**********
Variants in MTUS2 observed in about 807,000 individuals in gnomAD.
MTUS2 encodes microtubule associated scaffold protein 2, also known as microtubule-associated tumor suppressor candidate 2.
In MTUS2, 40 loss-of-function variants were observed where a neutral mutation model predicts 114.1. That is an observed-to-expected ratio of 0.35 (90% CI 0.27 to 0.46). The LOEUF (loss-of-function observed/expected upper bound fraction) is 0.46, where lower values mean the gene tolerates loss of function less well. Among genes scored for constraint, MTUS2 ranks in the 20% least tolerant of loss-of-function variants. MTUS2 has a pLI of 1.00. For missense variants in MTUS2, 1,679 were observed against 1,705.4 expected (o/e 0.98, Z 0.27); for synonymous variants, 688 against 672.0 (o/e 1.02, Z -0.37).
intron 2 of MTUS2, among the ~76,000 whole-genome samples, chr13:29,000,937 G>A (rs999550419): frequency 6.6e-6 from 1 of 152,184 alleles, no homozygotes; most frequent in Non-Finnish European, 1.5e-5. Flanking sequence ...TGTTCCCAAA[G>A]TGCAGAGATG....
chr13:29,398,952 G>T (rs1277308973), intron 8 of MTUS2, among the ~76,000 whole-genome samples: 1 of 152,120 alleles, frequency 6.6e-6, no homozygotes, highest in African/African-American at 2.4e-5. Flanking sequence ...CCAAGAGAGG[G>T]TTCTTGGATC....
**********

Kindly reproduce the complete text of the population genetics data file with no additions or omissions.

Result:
Variants in MTUS2 observed in about 807,000 individuals in gnomAD.
MTUS2 encodes microtubule associated scaffold protein 2, also known as microtubule-associated tumor suppressor candidate 2.
In MTUS2, 40 loss-of-function variants were observed where a neutral mutation model predicts 114.1. That is an observed-to-expected ratio of 0.35 (90% CI 0.27 to 0.46). The LOEUF (loss-of-function observed/expected upper bound fraction) is 0.46, where lower values mean the gene tolerates loss of function less well. Among genes scored for constraint, MTUS2 ranks in the 20% least tolerant of loss-of-function variants. MTUS2 has a pLI of 1.00. For missense variants in MTUS2, 1,679 were observed against 1,705.4 expected (o/e 0.98, Z 0.27); for synonymous variants, 688 against 672.0 (o/e 1.02, Z -0.37).
intron 2 of MTUS2, among the ~76,000 whole-genome samples, chr13:29,000,937 G>A (rs999550419): frequency 6.6e-6 from 1 of 152,184 alleles, no homozygotes; most frequent in Non-Finnish European, 1.5e-5. Flanking sequence ...TGTTCCCAAA[G>A]TGCAGAGATG....
chr13:29,398,952 G>T (rs1277308973), intron 8 of MTUS2, among the ~76,000 whole-genome samples: 1 of 152,120 alleles, frequency 6.6e-6, no homozygotes, highest in African/African-American at 2.4e-5. Flanking sequence ...CCAAGAGAGG[G>T]TTCTTGGATC....